It all seems like normal for us in a way.....I have lived with this with her for so long now, it is nothing new that is going to change, except we have a name and a reason. I just feel <<slump>> IYGWIM

PsychoAxeMurdererMum Tue 21-Oct-08 13:57:09


how was your friends DS DX'd?? My paed seemed stunned when I first mentioned it to her!

SixSpotBonfire Tue 21-Oct-08 14:01:33

He was just very very poorly all the time when he was a baby - always being rushed to hospital - like me she lives in London and he was referred to some big name consultant quite early on - but I think it was also partly down to her googling his symptoms and finding out about nutropenia.

He is loads better now than when he was a baby/toddler smile.

nikos Tue 21-Oct-08 14:09:08

Welcome to the SN boards. Dx is so hard, I think it's when the heart catches up with the head and everything becomes very real.
Love the name by the way,

PsychoAxeMurdererMum Tue 21-Oct-08 14:11:47

same as my DD, only we just were treated each time and then sent on our way (altho, having said that, she was born with chicken pox so we have always put all this down to that).

at her 3yr check our HV pointed out that she had been admitted to hospital (for treatment lasting more than 5days!), more than 30 timesshock.

you know what, writing it down just makes me more shocked and sad that no-one listened for so long!

PsychoAxeMurdererMum Tue 21-Oct-08 14:12:24

nikos, thanks. I am normally psychomum5, only now with a halloween costumewink

SixSpotBonfire Tue 21-Oct-08 14:12:45

Psycho - I can imagine sad. It must have been incredibly tough for you, soldiering on alone.

PsychoAxeMurdererMum Tue 21-Oct-08 14:16:06

I will admit to it being hell for a time.

I have to say, it is not like that now (thankgod). she does still get ill, and it is still very very horrid seeing her when she is having a seizure and then vomiting loads (altho TBF, the last time that bad was last march), but she is now old enough to tell me if she is ill and so I can get on top of it quicker IYGWIM.

SixSpotBonfire Tue 21-Oct-08 14:59:57

I worked at the same place as my friend for quite a few years, including the times when her DS was at his worst, and I know it was very tough.

I've just re-read your OP and seen what the first paed said to you shock! How horrible.

kt14 Tue 21-Oct-08 15:15:30

Welcome! Am pleased for you that you got a diagnosis, sounds like a fluke that you managed to figure it out for the professionals but thank goodness you did and I hope knowing and understanding more will help your DD..

slightlycrumpled Tue 21-Oct-08 15:25:22

Hi Paycho and welcome to the SN board.

My DS's problems are also mainly medical although he does have major difficulties with his speech due to a type of cleft palate.

Well done on sticking with it and obtaining a diagnosis. I knew from day one something wasn't right with DS and like your DD he was constantly very, very poorly with simple childhood illnesses landing him in hospital. Thankfully we got his diagnosis nearly a year ago, (aged 4) and sooooo much has changed and improved.

He also takes antibiotics daily and the difference is amazing, he has even been well enough to have major surgery on his mouth and throat last week!

It's so upsetting when you hear exactly what the problem is but for us a diagnosis has been life changing.

misdee Tue 21-Oct-08 15:33:22

i am smile at your for pushing to get a dx finally, and angry for the way you were treated. wasnt it your dd3 who has repeatadly caught chicken pox? i remember chatting about how dangerousit is for people with compromised immune systems.

PsychoAxeMurdererMum Tue 21-Oct-08 15:40:19

sixspot.......she was completely out of order. she also said that she was tired of looking at all her notes by the end of our time with her. even our new paed was shocked at her attitude!

KT and slightlycrumpled, thankyou for the welcome. I am so hoping we now find somethings easier, not least the school. school has been fab, but they did comment that the LEA were getting a little bit hmm about the high amount of absence (it dropped to 80% last year). for that reason alone, the DX is a relief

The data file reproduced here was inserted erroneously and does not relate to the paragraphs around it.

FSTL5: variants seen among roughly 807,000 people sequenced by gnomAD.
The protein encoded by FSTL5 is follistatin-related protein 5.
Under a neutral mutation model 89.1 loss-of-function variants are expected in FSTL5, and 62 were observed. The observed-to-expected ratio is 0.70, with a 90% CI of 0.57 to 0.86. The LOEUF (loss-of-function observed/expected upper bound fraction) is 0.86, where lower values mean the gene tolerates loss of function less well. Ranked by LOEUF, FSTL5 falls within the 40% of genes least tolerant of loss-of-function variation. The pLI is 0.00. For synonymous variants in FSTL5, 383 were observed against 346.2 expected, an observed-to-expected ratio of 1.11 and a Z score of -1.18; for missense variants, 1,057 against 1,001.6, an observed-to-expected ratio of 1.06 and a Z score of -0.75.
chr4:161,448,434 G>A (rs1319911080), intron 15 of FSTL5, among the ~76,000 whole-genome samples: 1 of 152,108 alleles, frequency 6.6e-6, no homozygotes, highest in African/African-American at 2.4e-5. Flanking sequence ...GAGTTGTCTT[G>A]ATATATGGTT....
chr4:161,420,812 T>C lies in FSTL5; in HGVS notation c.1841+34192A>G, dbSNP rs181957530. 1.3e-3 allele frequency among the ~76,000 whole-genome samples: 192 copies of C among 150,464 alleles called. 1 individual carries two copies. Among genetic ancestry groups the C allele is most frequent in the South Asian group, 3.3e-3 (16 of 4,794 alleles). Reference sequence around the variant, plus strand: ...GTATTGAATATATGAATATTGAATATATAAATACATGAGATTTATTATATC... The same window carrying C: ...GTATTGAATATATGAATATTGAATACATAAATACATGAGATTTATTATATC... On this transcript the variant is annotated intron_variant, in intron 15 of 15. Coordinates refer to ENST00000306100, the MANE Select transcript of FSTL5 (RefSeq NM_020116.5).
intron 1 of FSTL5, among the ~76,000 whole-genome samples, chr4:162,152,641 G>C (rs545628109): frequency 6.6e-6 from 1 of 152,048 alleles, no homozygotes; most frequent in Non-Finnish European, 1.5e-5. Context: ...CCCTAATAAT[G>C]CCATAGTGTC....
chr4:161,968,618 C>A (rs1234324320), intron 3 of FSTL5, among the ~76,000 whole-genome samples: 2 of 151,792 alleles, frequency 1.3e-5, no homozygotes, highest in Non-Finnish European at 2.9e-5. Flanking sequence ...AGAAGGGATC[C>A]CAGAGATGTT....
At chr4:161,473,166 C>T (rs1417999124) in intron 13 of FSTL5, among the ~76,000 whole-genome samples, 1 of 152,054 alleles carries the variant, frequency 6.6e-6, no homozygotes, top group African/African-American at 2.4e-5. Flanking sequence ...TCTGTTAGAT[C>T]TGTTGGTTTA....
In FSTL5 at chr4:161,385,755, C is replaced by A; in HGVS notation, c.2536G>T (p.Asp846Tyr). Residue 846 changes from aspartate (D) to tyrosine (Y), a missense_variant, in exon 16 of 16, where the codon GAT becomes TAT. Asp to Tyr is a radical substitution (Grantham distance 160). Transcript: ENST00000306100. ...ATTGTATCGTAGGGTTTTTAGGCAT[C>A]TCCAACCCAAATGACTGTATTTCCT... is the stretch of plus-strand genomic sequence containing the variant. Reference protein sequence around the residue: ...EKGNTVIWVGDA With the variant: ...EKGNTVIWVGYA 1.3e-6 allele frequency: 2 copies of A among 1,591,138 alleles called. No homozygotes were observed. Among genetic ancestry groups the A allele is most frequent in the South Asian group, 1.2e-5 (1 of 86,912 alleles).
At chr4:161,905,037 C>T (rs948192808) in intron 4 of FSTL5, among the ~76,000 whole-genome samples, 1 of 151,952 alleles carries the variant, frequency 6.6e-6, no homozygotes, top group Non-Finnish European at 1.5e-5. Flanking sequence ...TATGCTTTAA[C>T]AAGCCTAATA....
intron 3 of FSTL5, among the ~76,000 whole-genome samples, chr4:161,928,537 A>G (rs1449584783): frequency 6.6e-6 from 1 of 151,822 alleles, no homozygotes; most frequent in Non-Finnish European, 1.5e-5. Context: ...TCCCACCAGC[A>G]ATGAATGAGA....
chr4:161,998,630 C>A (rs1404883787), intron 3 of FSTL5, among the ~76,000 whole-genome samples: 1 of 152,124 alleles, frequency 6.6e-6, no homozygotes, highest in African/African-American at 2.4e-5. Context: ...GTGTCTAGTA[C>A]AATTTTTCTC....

DD3 was on long-term anti-B's as a baby/child for her wee infections - Trimethoprim (sp?). tis not fun!

PsychoAxeMurdererMum Tue 21-Oct-08 15:42:58

misdee, yes, same DD (and ). she is still at risk from chicken pox.....always will be I am assuming now that we have this DX. It kind of explains why sometimes she get it when in contact, and other times she manages to fight it (even tho she still is laid low by something).

slightlycrumpled Tue 21-Oct-08 15:49:33

trimethoprim is what DS takes, he is much better now though. Your right it isn't much fun! Hey ho.

The thing that really bugs me when I read about these things is what happens to the children, who for whatever reason, their parents aren't as able to fight their corner. Would they have been put off by the shocking doctor you saw before. It makes me sad and angry.

For us it was the involvement this time last year of just one fabulous paed. She sent us all over for tests and as what DS has is relatively unknown, (although nearly as common as Down Syndrome)is a hero in my eyes!

<< In fact I think I secretly love several of his doctors now blush >>

PsychoAxeMurdererMum Tue 21-Oct-08 16:25:08

slightly......I know of a fair few parents who are still under that paed (and we are still in fact with DS2....<<shudder>>). ALL of them saya similar, and I think some have given up fighting too.

I had to fight tho. I needed to for my own peace of mind as well as for DD3's health and future. I was utterly exhausted of feeling crap about her being in and out of hospital, and the comments we would get from family and friends (They did not understand how a child could be in hospital so much and implied I was causing it in some wayangry) Proved them wrong finally......


but also <<hooray>>

PsychoAxeMurdererMum Tue 21-Oct-08 16:25:51

oh, and <<>> for the liking of the docswink!!!

slightlycrumpled Tue 21-Oct-08 16:41:06

Well done you for carrying on the fight. I used to feel as though it was all my fault he was in hospital all the time. I would make a really big deal about how much fruit and veg both the boys ate, as though to prove myself.

Riduclous really.

I am so pleased that you have a diagnosis and whilst upsetting, because ultimately nobody wants their child to have anything wrong with them, at least you know.

I am in awe at fighting for nine years, we had four years and it was exhausting and frankly took over my life.

How does your DD feel about it all?